Ach! Zombies!


AMC’s massive publicity campaign for The Walking Dead paid off for the premiere, with 5.3 million viewers and a Coveted Demographic rating that surpasses quite a few major network shows. Of course it will drop in future episodes, but it’s dropping from a number that was inconceivable for this network even a year ago — 5.3 million is more than Community has gotten for all but one episode this season (the Zombie episode, of course). As Jeremy Mongeau said on Twitter, it seems to be AMC’s True Blood, a monster show adapted from a pre-existing property, offering a perfect combination of low and high.

The low: extreme violence that even a modern-day broadcast network could not get away with. (The instantly-famous “it’s okay because it’s a zombie” shooting scene would still probably not be allowed on a broadcast show, zombie or no zombie.) The high: A dose of social commentary and emphasis on moral issues — are the humans the real monsters? — that makes it okay to enjoy the violence and soapy elements. Some commentators are annoyed by True Blood‘s pretensions, but they’re a necessary part of what makes the show so popular. The sense that True Blood is a high-class show, and not just an Aaron Spelling thing with more fangs and more breasts, means that it can be enjoyed by people who would not normally tune in for a pure escapist romp. Walking Dead is more serious and downbeat than True Blood, based on a property that is more serious in tone than the Sookie books. But it has the crossover appeal of a lot of good “serious” comics — which, as the Scott Pilgrim movie proved, doesn’t extend to comic adaptations that don’t take themselves seriously at all. They work for people who like broad, extreme comic book action and those who want something that isn’t so comic book-ish.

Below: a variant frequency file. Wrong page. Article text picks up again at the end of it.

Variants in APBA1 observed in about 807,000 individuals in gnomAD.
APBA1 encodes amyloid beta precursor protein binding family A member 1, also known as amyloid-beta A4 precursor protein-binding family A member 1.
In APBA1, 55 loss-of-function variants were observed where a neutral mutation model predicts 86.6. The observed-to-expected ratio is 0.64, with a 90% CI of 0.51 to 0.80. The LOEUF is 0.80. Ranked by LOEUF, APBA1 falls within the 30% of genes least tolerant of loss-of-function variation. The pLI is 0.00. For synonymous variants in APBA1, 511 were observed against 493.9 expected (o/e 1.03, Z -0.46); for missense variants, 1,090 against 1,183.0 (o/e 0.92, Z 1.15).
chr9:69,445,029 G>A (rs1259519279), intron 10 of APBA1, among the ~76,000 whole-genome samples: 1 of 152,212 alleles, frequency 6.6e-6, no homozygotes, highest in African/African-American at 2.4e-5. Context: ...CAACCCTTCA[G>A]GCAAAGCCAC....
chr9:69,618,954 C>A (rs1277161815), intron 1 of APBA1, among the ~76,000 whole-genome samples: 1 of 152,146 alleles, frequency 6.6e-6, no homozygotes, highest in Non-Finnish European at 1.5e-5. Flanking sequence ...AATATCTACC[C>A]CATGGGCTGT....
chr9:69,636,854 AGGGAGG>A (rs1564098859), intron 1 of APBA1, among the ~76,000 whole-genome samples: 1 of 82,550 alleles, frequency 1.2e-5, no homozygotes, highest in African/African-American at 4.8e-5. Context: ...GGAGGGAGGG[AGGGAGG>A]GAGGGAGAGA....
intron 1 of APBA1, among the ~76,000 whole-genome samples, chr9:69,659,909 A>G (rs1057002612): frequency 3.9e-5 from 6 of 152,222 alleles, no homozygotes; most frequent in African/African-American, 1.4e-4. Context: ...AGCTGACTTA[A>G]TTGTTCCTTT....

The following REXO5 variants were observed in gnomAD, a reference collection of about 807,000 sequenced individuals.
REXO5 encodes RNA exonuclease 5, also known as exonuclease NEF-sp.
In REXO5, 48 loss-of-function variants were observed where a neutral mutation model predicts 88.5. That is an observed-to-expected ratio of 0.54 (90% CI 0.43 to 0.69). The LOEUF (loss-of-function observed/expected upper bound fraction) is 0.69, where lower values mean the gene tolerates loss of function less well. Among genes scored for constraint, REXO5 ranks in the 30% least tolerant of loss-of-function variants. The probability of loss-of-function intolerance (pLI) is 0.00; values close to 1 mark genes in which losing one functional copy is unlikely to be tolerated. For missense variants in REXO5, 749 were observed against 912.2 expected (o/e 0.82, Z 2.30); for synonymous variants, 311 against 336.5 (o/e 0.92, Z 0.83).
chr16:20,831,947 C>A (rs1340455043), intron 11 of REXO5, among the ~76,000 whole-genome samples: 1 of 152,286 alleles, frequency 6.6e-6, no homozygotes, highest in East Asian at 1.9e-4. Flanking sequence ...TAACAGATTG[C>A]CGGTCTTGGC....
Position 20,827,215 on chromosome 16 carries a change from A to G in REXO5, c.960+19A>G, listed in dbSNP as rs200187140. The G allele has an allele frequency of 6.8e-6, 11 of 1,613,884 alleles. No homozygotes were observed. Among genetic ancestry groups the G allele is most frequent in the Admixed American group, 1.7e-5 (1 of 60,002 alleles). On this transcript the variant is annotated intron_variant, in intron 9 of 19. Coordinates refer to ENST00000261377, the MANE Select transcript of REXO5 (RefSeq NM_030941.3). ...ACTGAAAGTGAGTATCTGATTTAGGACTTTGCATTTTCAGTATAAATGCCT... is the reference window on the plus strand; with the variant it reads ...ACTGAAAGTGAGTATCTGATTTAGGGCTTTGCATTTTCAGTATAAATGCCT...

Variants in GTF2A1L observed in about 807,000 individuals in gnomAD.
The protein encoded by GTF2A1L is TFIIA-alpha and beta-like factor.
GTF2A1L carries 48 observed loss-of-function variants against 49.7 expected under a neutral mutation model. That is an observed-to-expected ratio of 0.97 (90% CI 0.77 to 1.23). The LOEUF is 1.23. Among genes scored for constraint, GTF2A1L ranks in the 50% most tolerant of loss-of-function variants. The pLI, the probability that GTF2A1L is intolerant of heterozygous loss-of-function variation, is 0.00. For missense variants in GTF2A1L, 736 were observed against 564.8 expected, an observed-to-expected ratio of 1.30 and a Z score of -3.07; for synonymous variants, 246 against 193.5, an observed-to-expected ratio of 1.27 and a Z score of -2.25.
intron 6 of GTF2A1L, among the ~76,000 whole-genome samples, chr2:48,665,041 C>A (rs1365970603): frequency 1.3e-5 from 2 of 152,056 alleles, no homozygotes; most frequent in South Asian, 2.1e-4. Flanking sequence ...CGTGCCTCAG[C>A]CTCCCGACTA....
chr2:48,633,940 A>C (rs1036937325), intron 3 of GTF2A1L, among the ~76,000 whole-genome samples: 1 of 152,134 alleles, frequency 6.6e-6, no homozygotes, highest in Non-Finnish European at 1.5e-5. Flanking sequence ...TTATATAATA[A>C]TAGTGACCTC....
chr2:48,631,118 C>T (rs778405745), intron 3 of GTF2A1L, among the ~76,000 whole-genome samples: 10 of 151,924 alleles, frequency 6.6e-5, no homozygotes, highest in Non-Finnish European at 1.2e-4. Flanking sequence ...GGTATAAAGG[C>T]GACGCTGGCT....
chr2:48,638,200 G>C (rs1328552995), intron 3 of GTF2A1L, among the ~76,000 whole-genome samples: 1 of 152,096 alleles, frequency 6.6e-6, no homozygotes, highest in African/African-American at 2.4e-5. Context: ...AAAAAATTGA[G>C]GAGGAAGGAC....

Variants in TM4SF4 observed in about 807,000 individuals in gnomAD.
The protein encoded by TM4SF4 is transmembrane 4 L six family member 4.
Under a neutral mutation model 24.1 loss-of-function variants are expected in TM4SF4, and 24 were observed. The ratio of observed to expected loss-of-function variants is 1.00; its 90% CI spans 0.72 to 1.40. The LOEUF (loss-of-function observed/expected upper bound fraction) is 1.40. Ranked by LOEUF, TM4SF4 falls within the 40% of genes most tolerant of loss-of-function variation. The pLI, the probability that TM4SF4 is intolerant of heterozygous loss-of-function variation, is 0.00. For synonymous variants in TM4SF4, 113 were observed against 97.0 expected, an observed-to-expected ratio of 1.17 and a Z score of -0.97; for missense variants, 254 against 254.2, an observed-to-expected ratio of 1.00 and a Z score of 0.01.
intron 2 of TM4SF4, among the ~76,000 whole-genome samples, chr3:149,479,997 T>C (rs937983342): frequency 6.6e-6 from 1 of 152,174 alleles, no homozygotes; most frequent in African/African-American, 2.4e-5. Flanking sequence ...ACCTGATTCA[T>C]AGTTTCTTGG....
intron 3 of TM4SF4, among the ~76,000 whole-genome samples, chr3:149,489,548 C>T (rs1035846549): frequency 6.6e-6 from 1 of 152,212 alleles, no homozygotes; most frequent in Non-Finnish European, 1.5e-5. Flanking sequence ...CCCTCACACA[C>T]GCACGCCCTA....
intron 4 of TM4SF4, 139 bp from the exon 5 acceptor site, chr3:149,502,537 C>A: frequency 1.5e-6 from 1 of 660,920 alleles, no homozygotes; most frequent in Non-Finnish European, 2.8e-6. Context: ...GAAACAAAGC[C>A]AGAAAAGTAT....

I have no idea what other networks are going to do for their inevitable monster shows (update: as a commenter correctly noted, I forgot to mention that the CW has already done this with The Vampire Diaries), though you can certainly see why NBC wants to remake The Munsters. It does seem like adaptations of pre-existing properties are really good bets for this kind of show. Maybe special effects are finally cheap enough that a network will try bringing back this guy on a TV budget.


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Ach! Zombies!

  1. I think people err when they say Walking Dead is a serious comic – and JW isn't the first one. I only read teh first book, but the social issues seemed a poor unexplored afterthought, and he couldn't even pull off a well-worn "rugged individualism asserts itself as society collapses" adequately. Obviously the author wants it to be a "where is my next can of soup coming frm" type deal but then throws the bigger social issues clumsily over top. The pacing is bad even for the constraints of a comic. It's not even a kid's comic – it's just a poorly done comic.

    Not to say the TV show necessarily repeats these mistakes.

    • Well, without judging the comics (I haven't read enough of them to judge) something can be "serious" without being worthy of taken seriously. I do think, from what I've seen of them, that it's fair to say that TWD is trying to be serious, especially when compared to something like the Sookie Stackhouse books that aren't taking themselves that seriously.